Behaviour Change

PROPAGANDA FOR CHANGE is a project created by the students of Behaviour Change (ps359) and Professor Thomas Hills @thomhills at the Psychology Department of the University of Warwick. This work was supported by funding from Warwick's Institute for Advanced Teaching and Learning.

Thursday, March 20, 2014

Are you ready for the Lightning round?

An innocent game gets out of hand in this episode of Friends (Season 4, Episode 12). It starts by the boys (Joey and Chandler) claiming that they know more about the girls (Rachel and Monica) than the girls know about them. They take part in a quiz that Ross has designed to solve the dilemma. They start playing with a bet of $100, after a tied score in the first round, Monica wants to raise the stakes in the subsequent “Lightning round”:
Monica: We could play for more money say.. $150?
Chandler: $200?
Monica: $300!?
Rachel: No…stop spending my money!
Monica: Okay if we win they have to get rid of rooster.
Rachel: That’s interesting… Throw in the duck too.
Joey: What do you have against the duck? He doesn't make any noise!
Chandler: If you win we'll give up the birds… But if we win we get your apartment.
Monica: Deal!
In this negotiation it appears that Chandler is the best at negotiating. He is manipulating previous knowledge he has about Monica and her competitive nature to his advantage, understanding an opponent’s personality is advantageous in negotiation (Galinsky et al, 2008). By observing her previous offer of $300 and Rachel’s negative reaction; he can deter that this is more than they can afford and suggests that the zone for possible agreement is vast. Furthermore the frivolity of Monica’s offers imply she is solely focused on nothing other than beating Chandler and Joey. Chandler takes note of the commitment she has made to beating them; he applies the foot in the door technique and offers a much larger sum knowing that Monica will stick by her commitment. Such techniques have been shown to be persuasive in a negotiation (Taylor & Booth-Buttefield, 1993)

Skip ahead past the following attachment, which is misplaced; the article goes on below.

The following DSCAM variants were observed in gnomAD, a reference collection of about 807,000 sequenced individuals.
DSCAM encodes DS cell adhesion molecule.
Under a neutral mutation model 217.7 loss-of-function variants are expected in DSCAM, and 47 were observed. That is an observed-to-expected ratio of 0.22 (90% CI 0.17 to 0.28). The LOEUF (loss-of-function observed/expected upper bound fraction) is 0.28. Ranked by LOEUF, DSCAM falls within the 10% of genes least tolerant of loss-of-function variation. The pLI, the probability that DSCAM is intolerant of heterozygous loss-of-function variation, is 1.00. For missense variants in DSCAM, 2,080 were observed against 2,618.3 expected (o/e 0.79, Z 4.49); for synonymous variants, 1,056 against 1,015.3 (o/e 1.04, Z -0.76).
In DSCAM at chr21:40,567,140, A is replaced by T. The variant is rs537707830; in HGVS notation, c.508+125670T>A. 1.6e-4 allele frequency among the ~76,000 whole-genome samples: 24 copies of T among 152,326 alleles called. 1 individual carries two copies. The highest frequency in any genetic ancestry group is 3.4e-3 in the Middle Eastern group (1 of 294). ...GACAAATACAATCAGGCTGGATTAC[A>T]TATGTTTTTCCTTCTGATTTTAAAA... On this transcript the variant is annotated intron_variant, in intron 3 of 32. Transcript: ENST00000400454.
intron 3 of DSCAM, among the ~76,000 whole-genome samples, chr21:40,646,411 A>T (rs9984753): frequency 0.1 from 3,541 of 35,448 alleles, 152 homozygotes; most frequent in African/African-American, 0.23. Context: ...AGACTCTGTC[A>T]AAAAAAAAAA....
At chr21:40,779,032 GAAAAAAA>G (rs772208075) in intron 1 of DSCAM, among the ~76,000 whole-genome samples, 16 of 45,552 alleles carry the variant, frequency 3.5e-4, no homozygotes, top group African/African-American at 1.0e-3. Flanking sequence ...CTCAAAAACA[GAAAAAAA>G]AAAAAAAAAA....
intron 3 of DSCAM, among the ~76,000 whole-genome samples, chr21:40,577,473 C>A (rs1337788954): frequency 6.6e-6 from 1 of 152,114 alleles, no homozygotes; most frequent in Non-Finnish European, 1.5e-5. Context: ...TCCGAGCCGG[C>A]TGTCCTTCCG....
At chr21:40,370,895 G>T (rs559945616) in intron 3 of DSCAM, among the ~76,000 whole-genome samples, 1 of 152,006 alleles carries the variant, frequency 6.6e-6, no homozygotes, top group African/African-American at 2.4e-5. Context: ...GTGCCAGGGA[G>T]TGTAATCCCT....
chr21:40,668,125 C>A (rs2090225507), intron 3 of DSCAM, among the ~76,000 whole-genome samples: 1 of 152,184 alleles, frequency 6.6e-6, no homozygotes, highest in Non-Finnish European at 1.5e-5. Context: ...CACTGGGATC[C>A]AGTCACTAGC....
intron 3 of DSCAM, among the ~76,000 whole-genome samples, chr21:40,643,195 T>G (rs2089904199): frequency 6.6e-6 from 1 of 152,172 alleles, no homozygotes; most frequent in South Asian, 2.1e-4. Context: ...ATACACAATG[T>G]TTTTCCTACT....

During negotiations Chandler is able to step back and consider the biggest prize he can think of; the apartment. He cleverly measures this against what he perceives to be a relatively small loss of his pet birds. At this point due to the fact that Monica is emotionally invested in winning, thoughts of what she could loose do not cross her mind. She is unable to realise that the small gain of not being woken up in the night by a rooster (or cockerel) is significantly outweighed by loss of her apartment. This is consistent with research that shows being over emotional worsens decision making in negotiation (Andrade & Ariely, 2009). It is then easy for Chandler who by remaining emotionally neutral can swoop in and take what he wants.
During the game Chandler is also able to entice Monica by the frequency trumps quality phenomenon (Alba, & Marmorstein, 1987). Whereby she bets that they get rid of one bird, Chandler says they will get rid of both (the rooster and the duck). He has not increased the quality of the prize as the duck does not make any noise and will not advantage the girls if it leaves, but by merely increasing the quantity to both birds he increases the perceived value of his bet..

Alba, J. W., & Marmorstein, H. (1987). The effects of frequency knowledge on consumer decision making. Journal of Consumer Research, 14-25.
Andrade, E. B., & Ariely, D. (2009). The enduring impact of transient emotions on decision making. Organizational Behavior and Human Decision Processes,109(1), 1-8.
Galinsky, A. D., Maddux, W. W., Gilin, D., & White, J. B. (2008). Why it pays to get inside the head of your opponent the differential effects of perspective taking and empathy in negotiations. Psychological Science, 19(4), 378-384.
Taylor, T., & BoothButterfield, S. (1993). Getting a foot in the door with drinking and driving: A field study of 
healthy influence. Communication Research Reports, 10(1), 95-101.
Katie Mullord.

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